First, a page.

Hungarian Legislator’s Apparent Anti-Jewish Remarks Spark Official Outcry

 

Chabad-Lubavitch Rabbi Shlomo Koves of Budapest, second from left, discusses Jewish affairs with then-opposition leader Viktor Orban of Hungary at a 2008 event attended by Israel Chief Rabbi Yona Metzger, center.
Chabad-Lubavitch Rabbi Shlomo Koves of Budapest, second from left, discusses Jewish affairs with then-opposition leader Viktor Orban of Hungary at a 2008 event attended by Israel Chief Rabbi Yona Metzger, center.

A right wing Hungarian legislator’s comments apparently in support of a 130-year-old anti-Semitic blood libel has earned the rebuke of Prime Minister Viktor Orban and calls for an official investigation on charges of incitement.

During an April 3 session of parliament, Jobbik Party MP Zsolt Barath invoked the anniversary of the 1882 Tiszaeszlar case – in which 15 Jews of the Hungarian town were accused of killing a Christian girl – and claimed that its defendants were acquitted only after the court succumbed to external pressures. That sparked a public demand from the Unified Hungarian Jewish Congregation and its director, Chabad-Lubavitch Rabbi Shlomo Koves, that political parties throughout the country back a parliamentary ethics investigation and condemn Barath’s comments.

Jobbik, which describes itself as a movement as opposed to a political party, controls the third-largest bloc in the Hungarian Parliament.

“All democratic forces and society as a whole should clearly state that they do not tolerate [such] remarks,” Israeli Ambassador Ilan Mor told the MTI Hungarian News Agency soon after the incident. “Jobbik is a party that stands against Israel, Jews, the Roma, Europe and democracy, and it is regrettable that such forces operate in a democratic country such as Hungary.”

Socialist MP Pal Steiner and the prime minister added their voices to the growing calls for an investigation.

On April 12, Orban summoned Koves to his office in order to reiterate his commitment to protect and guarantee the well-being of the Jewish community. The rabbi requested that the prime minister “clarify, on behalf of himself, his party and his government, the boundaries of a civilized public dialogue that must not be crossed under any circumstances.”

Koves, who two years ago took up the pulpit of an historic synagogue that the government rededicated in the Obuda section of Budapest, noted that such “egregious” words as Barath’s had not been heard in the Hungarian Parliament for 70 years. He emphasized the importance of Orban’s clear stance on the issue and called for all democratic parties to towards a consensus on the matter.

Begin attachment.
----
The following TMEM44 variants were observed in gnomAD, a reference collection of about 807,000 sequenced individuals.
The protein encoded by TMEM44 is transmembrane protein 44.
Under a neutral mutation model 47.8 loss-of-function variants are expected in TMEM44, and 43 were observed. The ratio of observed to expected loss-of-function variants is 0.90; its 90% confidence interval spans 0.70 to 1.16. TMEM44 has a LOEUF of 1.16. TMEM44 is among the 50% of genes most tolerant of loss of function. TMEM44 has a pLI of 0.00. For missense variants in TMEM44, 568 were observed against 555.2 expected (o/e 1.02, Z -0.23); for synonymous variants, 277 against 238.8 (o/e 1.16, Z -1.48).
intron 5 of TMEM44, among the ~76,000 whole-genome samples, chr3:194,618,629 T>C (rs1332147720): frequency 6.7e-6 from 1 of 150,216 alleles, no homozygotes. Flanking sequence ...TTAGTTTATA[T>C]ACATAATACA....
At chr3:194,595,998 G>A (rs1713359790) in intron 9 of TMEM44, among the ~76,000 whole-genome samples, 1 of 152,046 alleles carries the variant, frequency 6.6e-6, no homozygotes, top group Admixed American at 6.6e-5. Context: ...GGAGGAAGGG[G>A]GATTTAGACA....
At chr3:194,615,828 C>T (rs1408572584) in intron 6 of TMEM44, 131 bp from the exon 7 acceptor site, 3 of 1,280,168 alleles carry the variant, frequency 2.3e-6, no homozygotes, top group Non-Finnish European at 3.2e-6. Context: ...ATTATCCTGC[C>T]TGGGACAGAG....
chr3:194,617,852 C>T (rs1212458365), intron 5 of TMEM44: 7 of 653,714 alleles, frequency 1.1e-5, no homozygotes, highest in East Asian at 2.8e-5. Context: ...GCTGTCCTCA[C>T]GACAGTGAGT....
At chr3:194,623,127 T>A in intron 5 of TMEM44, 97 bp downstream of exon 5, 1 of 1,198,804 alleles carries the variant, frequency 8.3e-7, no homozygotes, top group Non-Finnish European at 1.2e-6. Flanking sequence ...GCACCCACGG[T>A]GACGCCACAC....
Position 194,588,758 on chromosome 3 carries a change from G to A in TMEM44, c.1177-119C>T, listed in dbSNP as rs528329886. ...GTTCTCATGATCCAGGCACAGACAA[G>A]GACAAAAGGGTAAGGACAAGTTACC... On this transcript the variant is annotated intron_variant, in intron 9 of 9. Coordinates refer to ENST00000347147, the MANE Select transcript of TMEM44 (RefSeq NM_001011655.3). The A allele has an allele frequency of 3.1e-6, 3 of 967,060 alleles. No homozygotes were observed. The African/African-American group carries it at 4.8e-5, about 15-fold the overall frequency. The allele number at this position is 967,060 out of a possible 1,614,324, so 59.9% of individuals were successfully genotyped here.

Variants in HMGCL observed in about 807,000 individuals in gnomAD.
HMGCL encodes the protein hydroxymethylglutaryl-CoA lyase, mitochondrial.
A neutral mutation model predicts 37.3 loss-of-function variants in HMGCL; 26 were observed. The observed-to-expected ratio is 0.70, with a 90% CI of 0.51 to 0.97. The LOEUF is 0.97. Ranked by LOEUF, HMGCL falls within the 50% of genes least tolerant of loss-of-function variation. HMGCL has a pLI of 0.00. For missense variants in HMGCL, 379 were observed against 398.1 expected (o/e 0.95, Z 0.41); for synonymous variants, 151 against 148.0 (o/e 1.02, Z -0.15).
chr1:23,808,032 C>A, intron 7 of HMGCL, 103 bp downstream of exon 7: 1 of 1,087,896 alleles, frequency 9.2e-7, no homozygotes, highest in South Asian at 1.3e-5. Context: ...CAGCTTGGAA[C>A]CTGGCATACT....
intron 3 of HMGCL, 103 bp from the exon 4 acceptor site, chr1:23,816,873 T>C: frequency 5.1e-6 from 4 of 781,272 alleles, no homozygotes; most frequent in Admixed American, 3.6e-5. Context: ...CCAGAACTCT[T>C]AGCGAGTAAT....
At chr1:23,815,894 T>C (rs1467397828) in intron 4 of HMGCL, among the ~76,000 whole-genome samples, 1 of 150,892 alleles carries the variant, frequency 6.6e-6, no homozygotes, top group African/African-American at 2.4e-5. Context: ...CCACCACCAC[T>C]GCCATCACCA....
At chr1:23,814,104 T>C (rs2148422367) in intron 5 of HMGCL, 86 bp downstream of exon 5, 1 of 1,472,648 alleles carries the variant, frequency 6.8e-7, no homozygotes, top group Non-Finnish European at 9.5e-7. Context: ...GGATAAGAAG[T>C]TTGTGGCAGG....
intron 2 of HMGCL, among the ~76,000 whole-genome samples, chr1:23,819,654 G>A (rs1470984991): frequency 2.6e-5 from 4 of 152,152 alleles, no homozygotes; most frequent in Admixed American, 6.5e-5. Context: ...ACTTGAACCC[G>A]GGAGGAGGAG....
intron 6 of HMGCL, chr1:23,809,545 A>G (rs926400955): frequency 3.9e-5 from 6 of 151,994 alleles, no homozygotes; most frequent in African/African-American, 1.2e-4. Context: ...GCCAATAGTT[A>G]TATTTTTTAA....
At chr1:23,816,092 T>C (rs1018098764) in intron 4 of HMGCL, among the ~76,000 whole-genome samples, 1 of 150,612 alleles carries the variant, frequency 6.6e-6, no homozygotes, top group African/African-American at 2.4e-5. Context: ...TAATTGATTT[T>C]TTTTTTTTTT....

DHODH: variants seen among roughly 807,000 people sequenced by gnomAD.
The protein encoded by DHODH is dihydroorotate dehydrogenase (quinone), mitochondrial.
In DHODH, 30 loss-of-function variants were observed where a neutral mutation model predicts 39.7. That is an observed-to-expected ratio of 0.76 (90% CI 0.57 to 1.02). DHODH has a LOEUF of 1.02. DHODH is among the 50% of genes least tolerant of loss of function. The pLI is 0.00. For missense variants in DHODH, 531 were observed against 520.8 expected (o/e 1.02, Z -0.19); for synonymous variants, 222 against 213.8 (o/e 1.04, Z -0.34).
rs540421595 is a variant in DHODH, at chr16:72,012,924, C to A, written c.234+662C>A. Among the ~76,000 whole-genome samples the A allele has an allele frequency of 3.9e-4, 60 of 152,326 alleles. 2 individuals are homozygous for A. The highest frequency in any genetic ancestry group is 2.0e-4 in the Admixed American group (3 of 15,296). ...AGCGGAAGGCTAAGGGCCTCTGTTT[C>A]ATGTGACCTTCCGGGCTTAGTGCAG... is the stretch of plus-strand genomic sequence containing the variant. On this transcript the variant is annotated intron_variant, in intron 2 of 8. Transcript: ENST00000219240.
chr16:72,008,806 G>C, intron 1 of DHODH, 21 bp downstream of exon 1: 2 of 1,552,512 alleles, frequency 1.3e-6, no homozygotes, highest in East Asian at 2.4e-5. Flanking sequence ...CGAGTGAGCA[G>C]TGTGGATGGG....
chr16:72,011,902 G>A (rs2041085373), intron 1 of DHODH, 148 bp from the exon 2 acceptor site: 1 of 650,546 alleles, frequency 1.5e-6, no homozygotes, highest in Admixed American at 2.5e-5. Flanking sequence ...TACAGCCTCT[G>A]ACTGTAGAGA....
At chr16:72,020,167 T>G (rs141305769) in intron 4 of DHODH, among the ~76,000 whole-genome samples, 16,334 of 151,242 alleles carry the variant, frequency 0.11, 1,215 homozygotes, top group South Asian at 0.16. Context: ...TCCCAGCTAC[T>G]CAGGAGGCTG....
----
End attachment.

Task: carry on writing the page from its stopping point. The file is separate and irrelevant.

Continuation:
Before the meeting, Koves’ organization filed a criminal complaint against Barath for incitement against a minority; the central prosecutor’s office launched its own formal investigation into the matter.

Holocaust survivor and Nobel Laureate Elie Wiesel, who once said that he would never return to Hungary, addressed its parliament in 2009 as Chabad-Lubavitch Rabbi Shlomo Koves of Budapest, right, listened to the proceedings.

For his part, Orban again strongly condemned Barath’s statement as extreme, and stressed the government’s support of all minorities. The prime minister also welcomed the fact that Judaism and Jewish public life in Hungary is diverse, and wished the Jewish community a happy Passover.

All of the meeting’s participants, which included Deputy Prime Minister Zsolt Semjén, voiced their view that the fight against anti-Semitism should be an apolitical affair.

Koves told the Associated Press that anti-Semitism appears to be rising in Hungary. He called Barath’s statements just “the tip of an iceberg.”

“Unfortunately, a series of recent racist and xenophobic remarks on the House floor has not previously met any consequence,” he said. “It is our daily experience that increasingly coarse, racist and anti-Semitic speech is becoming permissible in Hungarian public discourse and in the Hungarian Parliament.

“In our judgment, the gravity of the situation is unprecedented in the past two decades of Hungarian democracy,” continued the rabbi. “Although the safety and wellbeing of Hungarian Jews in their daily life is not physically in danger – or no worse than in any other European country – anti-Semitic public speech has escalated to a point which cannot be ignored by a single decent person.”